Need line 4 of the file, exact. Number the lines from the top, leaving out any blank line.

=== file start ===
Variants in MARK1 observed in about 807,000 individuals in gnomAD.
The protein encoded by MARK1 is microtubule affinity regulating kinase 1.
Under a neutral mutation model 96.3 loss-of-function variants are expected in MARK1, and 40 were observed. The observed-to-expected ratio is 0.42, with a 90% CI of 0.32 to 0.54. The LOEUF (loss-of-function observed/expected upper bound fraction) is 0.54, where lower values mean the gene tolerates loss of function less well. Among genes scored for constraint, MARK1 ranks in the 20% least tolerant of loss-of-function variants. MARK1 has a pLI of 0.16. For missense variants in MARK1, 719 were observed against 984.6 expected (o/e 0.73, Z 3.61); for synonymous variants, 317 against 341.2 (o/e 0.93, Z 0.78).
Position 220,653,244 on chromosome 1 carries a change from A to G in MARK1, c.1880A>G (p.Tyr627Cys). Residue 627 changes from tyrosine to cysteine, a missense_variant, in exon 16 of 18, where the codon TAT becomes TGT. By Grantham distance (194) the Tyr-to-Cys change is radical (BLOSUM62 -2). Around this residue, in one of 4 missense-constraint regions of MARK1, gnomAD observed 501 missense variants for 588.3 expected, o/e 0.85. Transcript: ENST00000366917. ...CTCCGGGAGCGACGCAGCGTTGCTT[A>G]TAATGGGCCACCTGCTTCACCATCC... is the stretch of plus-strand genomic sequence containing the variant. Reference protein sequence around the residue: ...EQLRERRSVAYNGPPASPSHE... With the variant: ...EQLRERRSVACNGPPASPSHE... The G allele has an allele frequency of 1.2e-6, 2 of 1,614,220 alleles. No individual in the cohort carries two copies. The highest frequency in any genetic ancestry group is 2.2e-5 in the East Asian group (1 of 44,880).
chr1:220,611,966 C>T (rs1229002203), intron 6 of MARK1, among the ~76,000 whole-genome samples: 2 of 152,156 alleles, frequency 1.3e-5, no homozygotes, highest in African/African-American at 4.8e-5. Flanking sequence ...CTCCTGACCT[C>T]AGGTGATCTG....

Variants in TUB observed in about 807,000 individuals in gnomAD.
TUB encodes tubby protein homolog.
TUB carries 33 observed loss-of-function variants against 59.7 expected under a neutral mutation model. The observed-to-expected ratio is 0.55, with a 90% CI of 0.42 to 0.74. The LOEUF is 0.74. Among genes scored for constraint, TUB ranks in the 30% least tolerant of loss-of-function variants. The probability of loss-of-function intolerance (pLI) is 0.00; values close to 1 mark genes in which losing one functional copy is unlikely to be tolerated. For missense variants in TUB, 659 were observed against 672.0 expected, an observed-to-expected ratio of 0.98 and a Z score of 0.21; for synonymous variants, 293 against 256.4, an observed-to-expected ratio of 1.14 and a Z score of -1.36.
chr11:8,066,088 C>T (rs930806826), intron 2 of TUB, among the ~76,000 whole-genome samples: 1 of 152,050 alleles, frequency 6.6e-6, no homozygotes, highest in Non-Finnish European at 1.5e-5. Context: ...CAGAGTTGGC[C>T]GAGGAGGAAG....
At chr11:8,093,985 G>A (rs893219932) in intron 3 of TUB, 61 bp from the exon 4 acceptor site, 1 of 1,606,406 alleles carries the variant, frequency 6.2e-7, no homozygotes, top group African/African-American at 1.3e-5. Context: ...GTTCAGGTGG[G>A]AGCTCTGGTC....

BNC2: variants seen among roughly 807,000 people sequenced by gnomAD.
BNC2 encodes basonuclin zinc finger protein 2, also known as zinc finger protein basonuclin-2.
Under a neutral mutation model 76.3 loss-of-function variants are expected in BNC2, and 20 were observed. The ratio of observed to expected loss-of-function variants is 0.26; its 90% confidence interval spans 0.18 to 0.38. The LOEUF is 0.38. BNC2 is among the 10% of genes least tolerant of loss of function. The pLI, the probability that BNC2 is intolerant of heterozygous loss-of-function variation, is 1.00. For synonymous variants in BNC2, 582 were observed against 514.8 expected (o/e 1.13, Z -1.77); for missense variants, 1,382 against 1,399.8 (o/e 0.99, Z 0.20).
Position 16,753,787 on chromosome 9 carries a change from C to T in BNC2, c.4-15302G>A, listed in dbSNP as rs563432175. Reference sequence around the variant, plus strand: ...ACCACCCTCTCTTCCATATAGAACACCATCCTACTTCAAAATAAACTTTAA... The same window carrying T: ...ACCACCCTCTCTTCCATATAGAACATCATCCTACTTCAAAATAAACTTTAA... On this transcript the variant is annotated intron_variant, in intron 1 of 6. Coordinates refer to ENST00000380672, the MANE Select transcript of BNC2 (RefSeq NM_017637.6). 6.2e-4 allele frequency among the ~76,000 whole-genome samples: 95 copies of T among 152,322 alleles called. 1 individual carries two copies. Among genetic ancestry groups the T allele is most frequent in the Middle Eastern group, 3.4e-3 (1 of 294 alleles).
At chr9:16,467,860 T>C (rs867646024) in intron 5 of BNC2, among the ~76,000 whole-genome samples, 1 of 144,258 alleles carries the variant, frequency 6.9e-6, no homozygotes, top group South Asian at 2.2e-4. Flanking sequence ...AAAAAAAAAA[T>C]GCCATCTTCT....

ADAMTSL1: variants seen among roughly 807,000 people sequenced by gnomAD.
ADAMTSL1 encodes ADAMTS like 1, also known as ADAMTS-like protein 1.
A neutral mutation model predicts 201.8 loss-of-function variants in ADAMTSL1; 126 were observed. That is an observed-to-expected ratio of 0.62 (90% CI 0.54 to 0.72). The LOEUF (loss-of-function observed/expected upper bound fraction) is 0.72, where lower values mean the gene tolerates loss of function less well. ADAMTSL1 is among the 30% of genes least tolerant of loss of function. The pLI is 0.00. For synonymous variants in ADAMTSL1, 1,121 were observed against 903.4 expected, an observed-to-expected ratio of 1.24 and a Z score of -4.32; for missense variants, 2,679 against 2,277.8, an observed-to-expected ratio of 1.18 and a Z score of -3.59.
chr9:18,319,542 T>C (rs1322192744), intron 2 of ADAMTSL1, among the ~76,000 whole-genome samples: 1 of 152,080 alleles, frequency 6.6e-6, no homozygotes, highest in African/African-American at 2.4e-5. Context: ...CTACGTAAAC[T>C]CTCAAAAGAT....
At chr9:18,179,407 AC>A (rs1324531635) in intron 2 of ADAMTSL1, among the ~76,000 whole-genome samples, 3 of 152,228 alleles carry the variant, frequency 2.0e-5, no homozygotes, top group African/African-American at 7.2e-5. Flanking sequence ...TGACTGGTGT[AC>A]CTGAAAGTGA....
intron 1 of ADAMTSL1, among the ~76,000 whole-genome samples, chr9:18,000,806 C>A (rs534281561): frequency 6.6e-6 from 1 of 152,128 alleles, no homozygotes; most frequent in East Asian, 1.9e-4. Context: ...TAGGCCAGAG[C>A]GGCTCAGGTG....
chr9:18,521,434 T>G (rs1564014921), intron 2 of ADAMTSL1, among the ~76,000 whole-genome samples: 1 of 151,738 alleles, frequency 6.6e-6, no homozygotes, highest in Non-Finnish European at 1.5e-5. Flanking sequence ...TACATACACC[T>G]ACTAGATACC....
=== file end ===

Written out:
Position 220,653,244 on chromosome 1 carries a change from A to G in MARK1, c.1880A>G (p.Tyr627Cys). Residue 627 changes from tyrosine to cysteine, a missense_variant, in exon 16 of 18, where the codon TAT becomes TGT. By Grantham distance (194) the Tyr-to-Cys change is radical (BLOSUM62 -2). Around this residue, in one of 4 missense-constraint regions of MARK1, gnomAD observed 501 missense variants for 588.3 expected, o/e 0.85. Transcript: ENST00000366917. ...CTCCGGGAGCGACGCAGCGTTGCTT[A>G]TAATGGGCCACCTGCTTCACCATCC... is the stretch of plus-strand genomic sequence containing the variant. Reference protein sequence around the residue: ...EQLRERRSVAYNGPPASPSHE... With the variant: ...EQLRERRSVACNGPPASPSHE... The G allele has an allele frequency of 1.2e-6, 2 of 1,614,220 alleles. No individual in the cohort carries two copies. The highest frequency in any genetic ancestry group is 2.2e-5 in the East Asian group (1 of 44,880).